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The Domestic Abuse Bill has now become the Domestic Abuse Act, meaning that domestic abuse survivors will "get priority need for housing".
In a landmark step, it is hoped more people that suffer domestic abuse will now leave an abusive relationship, knowing they're entitled to new housing.
There is also now a legal duty on councils to fund support in safe accommodation, although campaigners hoped the government would make the word accommodation 'refuge' for better protection.
The Act also includes a definition of economic abuse for the first time, which will help housing providers when assessing this amongst their tenants.
Women's Aid said in a statement: "The Act is a “once in a generation opportunity” but now we have to see how it translates on the ground. It needs to be used throughout society, at every point where survivors need help – from the police to children’s social care, health, the courts, and more.
"The lessons from previous legislation are clear – unless the law comes with training for professionals, resources and a clear implementation plan, it will not improve responses to survivors.
"Royal Assent is an important moment, but rather than being the end of the work needed, this provides us with a beginning. The legislation needs to now translate to action to provide the changes that survivors need to see.”
Guy Stenson, Director of Operations at Stonewater: “Housing associations, like us, provide homes for thousands of people and based on the long-term relationship a housing provider has with their customers, we believe that the housing sector can play an important role in tackling domestic abuse and ensuring everybody has a safe place to call home.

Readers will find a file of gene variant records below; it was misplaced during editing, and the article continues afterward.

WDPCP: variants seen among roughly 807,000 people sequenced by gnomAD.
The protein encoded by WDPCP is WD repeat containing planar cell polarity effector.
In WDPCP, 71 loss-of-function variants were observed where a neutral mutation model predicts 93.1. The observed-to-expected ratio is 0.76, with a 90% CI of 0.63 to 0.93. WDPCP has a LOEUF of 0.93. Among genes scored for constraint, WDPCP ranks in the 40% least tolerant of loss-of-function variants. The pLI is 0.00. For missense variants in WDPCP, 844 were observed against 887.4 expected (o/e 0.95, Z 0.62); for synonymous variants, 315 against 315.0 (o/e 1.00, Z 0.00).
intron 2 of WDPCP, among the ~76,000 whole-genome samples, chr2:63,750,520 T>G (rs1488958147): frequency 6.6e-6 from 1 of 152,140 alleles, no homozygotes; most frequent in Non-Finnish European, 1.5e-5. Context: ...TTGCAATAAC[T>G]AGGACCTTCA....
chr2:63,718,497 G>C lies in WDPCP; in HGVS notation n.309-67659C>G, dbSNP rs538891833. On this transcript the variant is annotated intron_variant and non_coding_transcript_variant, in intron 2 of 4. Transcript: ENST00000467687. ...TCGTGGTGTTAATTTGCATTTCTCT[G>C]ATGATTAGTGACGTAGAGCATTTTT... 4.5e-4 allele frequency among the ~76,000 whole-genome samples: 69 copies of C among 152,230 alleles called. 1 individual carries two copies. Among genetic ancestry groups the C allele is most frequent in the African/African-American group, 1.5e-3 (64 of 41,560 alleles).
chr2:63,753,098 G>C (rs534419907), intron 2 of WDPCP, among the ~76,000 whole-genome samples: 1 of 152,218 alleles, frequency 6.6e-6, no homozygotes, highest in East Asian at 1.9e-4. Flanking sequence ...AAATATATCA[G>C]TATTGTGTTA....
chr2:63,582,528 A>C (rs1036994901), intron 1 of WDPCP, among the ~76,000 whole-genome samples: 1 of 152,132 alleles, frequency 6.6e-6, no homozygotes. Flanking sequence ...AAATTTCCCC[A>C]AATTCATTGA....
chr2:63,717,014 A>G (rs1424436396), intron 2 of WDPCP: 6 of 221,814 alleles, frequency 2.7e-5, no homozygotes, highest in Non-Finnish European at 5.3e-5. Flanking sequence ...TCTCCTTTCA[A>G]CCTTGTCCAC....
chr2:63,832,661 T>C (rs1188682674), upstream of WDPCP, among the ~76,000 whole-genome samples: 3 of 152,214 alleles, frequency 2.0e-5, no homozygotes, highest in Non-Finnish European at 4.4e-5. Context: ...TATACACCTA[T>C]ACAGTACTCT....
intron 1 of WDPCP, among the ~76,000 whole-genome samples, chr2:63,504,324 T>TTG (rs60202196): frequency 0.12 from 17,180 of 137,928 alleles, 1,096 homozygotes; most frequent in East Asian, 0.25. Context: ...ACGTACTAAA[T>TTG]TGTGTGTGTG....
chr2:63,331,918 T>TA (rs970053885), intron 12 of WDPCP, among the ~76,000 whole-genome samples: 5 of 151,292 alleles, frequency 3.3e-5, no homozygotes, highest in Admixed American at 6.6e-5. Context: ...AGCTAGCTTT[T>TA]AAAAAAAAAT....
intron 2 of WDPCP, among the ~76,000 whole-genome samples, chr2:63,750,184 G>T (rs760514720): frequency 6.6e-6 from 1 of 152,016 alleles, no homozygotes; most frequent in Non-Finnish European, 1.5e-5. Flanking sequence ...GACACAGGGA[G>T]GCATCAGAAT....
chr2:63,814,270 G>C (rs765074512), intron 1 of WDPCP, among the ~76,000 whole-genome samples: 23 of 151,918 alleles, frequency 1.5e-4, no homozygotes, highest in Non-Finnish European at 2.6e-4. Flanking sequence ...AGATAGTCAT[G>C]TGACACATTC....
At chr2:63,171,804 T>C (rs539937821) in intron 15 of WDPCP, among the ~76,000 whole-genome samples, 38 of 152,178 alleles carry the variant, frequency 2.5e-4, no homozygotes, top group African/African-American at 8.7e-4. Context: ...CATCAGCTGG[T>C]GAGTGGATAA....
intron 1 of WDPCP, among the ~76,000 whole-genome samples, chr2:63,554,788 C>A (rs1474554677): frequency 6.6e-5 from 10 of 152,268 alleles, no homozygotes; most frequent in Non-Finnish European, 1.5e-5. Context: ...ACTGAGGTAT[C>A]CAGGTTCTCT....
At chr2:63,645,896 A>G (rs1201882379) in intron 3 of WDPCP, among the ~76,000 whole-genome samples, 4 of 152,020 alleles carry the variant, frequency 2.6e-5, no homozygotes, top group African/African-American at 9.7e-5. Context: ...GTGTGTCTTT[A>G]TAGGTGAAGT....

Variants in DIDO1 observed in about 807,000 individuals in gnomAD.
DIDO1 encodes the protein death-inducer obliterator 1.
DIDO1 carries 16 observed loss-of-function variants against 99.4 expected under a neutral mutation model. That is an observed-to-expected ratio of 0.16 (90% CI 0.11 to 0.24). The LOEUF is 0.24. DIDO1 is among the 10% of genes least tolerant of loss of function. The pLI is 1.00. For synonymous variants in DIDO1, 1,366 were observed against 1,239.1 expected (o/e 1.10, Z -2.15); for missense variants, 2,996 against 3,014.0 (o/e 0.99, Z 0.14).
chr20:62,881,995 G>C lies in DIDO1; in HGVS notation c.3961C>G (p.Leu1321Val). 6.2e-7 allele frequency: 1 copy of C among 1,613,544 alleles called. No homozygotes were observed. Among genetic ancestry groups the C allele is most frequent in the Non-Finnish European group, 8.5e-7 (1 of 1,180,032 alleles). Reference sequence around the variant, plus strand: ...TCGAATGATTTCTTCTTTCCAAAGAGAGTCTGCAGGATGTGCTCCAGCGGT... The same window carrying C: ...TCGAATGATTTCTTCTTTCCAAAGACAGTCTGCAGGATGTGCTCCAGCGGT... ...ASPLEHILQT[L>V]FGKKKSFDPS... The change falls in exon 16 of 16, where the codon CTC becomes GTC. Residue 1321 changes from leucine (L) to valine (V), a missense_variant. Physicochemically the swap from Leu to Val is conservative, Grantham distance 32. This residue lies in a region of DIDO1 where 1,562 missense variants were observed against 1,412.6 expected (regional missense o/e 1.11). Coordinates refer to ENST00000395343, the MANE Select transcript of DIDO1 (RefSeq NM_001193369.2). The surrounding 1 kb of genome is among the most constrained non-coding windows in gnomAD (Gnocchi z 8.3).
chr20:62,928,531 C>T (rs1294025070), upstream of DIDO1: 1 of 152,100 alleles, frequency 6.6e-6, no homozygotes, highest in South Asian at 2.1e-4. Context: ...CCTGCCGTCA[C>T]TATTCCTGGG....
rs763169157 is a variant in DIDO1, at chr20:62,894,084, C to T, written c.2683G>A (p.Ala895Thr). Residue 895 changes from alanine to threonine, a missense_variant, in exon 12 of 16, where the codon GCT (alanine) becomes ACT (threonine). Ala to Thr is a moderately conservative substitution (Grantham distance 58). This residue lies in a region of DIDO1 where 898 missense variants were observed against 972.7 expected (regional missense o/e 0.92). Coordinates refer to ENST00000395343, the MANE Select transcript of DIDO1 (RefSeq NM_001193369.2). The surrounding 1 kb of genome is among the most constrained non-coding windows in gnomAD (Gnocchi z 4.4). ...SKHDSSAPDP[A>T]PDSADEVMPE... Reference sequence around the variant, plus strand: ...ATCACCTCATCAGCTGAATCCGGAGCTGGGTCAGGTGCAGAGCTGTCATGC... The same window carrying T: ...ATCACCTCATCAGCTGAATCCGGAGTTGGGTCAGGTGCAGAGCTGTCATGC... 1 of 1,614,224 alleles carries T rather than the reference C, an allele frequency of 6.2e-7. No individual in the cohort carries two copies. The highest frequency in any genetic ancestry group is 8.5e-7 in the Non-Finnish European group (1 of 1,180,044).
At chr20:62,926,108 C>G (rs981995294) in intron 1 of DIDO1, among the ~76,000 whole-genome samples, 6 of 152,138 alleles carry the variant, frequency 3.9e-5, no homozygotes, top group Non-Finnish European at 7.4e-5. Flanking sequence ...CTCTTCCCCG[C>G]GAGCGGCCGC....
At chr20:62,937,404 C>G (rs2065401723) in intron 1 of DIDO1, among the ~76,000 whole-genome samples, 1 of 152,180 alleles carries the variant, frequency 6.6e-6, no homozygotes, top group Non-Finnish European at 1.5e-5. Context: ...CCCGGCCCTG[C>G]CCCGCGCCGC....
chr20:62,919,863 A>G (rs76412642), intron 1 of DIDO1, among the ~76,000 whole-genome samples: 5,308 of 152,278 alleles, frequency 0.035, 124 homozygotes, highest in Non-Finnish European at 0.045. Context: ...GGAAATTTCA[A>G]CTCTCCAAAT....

"Whilst we welcome the passing of the bill and look forward to working alongside local authorities, local and national partners, and most importantly with survivors to implement the bill, we’re disappointed to see some of these protections have not been extended further.
“In particular, we wanted to see further protection for survivors who have no recourse to public funds and recognition of the distinct needs of those from minority groups. But also, that housing was seen as a core part of the response to supporting survivors.
“The passing of this bill presents a significant milestone in tackling domestic abuse and we will continue developing our services to ensure we are equipped to support any survivor who needs access to safe spaces and support to help them move forward.”
HQN recently produced a briefing for members looking at what the Domestic Abuse Act means for housing providers. Members can access it for free here.